6-Hero’s ex wants him back, and so causes trouble. Usually this means ex lies (and heroine believes her–and, really, you would believe whatever you guy’s ex said over what he says?). This also usually has the ex being so nasty that you wonder how the hero ever hooked up with her in the first place–it really does put him in a very bad light. There’s an easy fix for this one–just remember we are all the hero of our own story. Even the ex has a story that makes her sympathetic and a good guy–make sure you know this story about her (and that you like you as much as you like all your other characters). And keep telling yourself–characters who are one-sided are cliche.
7-The big “MISUNDERSTANDING”. Hero/heroine assume the worst about each other after glimpsing something. This is usually heroine sees ex leaving hero’s bedroom (and or an intimate moment) and heroine assumes he’s back with her (and why she doesn’t go pounding on doors for answers is a mystery), or this is heroine is seen with someone from her past and hero assumes the worst–oh, my god, she hasn’t changed. This is a case where you wonder what are these two doing together. Then you wonder why doesn’t anyone talk. Make it easy on yourselves, folks–when in doubt, put your characters together and get them talking. The talking should make things worse, not clear up misunderstandings. And always remember conflict based on misunderstanding is a cliché.
8-Bad guy has to explain all his reasons for his actions. The Incredibles gave us this present tense verb of monologuing. If you have to stop the story to explain a bunch of stuff, consider the possibility that either the plot is too complicated or that you need smarter characters who can figure out things without having to have stuff explained. The other way around this is to make the information so interesting that folks will sit though this cliché without complaint. But that’s a risky bet.
9-The hero/heroine suddenly has a skill that’s unexplained and doesn’t fit their past. This happens with careless writing (the writer forgot to foreshadow a skill), or when a writer has backed herself into a corner and needs to get out–that’s not usually done gracefully. Just remember to ask if you’ve set up a character who can pull off the skills needed to make the plot work. Also remember that readers are not very forgiving of “luck” factoring into a story unless it’s bad luck (or unless the character has had so much bad luck that the readers are rooting for the universe to give the characters a break).
10-The parents who want to force the heroine into a bad marriage. This one shows up mainly in historical romance, and sometimes in some contemporary romances. And, yes, while there are bad parents out there, this ignores the basic core of most folks, which is that we regard friends and family as attachments of ourselves–we want the best for them because they are a part of us. To go against anything that is core to most people, you have to use strong motivations–this is usually overlooked for the quick form of just having them be greedy folks. That’s a cliché because it’s going for a quick answer instead of really figuring out your characters.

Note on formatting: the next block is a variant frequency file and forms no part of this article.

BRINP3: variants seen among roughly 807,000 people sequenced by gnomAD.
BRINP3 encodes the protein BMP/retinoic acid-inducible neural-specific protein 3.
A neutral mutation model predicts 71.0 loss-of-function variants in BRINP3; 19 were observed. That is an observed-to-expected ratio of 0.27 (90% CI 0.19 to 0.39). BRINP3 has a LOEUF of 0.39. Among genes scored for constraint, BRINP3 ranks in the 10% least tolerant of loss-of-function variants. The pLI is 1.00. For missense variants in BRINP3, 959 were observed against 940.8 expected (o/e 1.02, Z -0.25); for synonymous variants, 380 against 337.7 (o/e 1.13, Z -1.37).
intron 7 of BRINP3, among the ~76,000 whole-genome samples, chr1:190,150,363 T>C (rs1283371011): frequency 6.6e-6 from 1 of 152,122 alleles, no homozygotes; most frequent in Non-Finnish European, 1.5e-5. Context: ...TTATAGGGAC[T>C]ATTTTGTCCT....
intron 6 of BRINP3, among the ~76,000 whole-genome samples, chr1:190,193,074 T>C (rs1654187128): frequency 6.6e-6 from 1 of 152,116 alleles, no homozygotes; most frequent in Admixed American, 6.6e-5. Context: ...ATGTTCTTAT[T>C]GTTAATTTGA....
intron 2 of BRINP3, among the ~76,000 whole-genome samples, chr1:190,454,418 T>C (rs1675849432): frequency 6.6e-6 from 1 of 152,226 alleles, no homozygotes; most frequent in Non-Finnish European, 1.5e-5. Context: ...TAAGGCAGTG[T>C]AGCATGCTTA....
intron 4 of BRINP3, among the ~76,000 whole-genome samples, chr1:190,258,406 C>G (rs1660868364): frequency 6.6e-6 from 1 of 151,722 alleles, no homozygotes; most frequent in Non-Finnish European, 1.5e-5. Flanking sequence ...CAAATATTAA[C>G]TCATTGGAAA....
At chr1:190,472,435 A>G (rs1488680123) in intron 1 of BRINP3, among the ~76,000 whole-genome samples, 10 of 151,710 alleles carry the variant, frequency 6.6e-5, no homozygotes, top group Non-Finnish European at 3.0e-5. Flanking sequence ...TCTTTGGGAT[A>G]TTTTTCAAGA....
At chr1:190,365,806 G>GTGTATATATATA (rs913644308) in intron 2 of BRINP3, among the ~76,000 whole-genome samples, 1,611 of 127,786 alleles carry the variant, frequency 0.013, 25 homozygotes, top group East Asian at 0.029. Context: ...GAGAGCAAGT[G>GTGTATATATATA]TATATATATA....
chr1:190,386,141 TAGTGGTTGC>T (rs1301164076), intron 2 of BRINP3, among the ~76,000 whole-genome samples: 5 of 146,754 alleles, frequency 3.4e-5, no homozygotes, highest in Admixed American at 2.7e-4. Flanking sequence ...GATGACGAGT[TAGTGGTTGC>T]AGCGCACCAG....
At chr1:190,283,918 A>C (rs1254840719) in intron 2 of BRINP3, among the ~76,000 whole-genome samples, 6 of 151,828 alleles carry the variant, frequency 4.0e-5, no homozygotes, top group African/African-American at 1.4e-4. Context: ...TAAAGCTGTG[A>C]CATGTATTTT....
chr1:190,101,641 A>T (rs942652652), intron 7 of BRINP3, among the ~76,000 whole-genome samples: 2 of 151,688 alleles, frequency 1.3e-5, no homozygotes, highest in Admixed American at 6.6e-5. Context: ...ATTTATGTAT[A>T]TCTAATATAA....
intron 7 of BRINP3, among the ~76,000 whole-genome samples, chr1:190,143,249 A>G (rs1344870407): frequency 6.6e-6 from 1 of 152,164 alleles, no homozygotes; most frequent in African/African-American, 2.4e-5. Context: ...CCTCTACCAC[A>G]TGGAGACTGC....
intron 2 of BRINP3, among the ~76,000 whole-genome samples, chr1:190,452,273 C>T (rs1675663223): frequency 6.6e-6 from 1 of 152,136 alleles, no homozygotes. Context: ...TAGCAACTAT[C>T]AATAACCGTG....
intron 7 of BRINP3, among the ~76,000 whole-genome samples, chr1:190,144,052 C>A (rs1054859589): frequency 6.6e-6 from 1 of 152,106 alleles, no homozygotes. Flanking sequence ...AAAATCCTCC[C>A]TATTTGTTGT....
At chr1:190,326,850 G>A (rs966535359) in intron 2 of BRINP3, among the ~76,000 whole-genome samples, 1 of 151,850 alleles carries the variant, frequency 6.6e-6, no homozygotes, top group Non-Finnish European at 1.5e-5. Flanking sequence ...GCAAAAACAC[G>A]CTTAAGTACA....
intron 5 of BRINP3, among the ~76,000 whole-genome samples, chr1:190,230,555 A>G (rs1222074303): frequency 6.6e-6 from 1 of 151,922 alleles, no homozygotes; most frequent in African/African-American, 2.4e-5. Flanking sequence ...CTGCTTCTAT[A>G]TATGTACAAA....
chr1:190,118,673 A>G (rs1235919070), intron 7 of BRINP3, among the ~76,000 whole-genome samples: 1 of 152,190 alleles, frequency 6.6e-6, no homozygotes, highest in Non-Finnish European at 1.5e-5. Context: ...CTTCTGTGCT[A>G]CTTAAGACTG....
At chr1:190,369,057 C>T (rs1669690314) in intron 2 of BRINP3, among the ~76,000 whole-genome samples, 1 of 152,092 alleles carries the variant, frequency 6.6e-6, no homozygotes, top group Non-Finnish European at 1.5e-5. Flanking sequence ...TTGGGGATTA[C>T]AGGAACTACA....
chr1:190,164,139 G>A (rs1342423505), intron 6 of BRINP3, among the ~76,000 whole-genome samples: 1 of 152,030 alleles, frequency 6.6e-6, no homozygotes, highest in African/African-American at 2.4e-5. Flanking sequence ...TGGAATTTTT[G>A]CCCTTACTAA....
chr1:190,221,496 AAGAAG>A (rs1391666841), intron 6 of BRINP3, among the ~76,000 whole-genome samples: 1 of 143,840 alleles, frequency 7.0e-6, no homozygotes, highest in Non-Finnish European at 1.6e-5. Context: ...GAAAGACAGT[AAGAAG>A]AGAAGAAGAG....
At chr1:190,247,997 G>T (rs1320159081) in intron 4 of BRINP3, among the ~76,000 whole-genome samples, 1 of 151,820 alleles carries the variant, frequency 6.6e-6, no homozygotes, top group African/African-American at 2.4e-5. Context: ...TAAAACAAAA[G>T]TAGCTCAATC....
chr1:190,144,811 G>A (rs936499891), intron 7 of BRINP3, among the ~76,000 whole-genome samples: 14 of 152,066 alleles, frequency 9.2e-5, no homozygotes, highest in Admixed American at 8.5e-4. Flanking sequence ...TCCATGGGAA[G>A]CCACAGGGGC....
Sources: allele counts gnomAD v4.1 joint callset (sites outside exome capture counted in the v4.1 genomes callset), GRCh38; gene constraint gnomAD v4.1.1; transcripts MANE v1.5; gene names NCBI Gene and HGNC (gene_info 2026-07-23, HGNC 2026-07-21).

Now you’re going to find all of these clichés in various best sellers. Which goes to show there are no rules. But you’ll find them carried off with either a twist that gives them a little fresh tread on an otherwise worn tire, or you’ll find them stuffed in with so much other good stuff that most folks will turn a bad eye. But how much better to be aware of the clichés and to be ready to make the effort to find characters who’ll take you through a story with a lot more interesting things going on, all because the characters themselves are fresh and new and worth spending your time in their company.
“Bad guy has to explain all his reasons for his actions.” Yeah, this is called infodumping, and we see this a lot more with the heroes. Especially in science fiction and mysteries. In science fiction there is always somebody, and sometimes its just the writer/narrator, who seems to take too much space to explan every single scientific detail in EXTREME detail, and in mysteries there’s always the time when somebody seems to HAVE to recapitulate the novel’s plot just to explain the story’s dénouement.
“Kidnapped heroine.”: Oddly enough the best skewering of this cliche happened in an old Sherlock Holmes movie with Basil Rathbone, in which he was kidnapped by Prof. Moriarity. The Prof was going to kill Holmes, and Holmes, disappointed in the pedestrian treatment of his death, talks Moriarity INTO trying to kill Holmes in some ridiculously convoluted way.
The elaborate “kill the hero” plans are always a hoot–nothing like indirect action to get something done.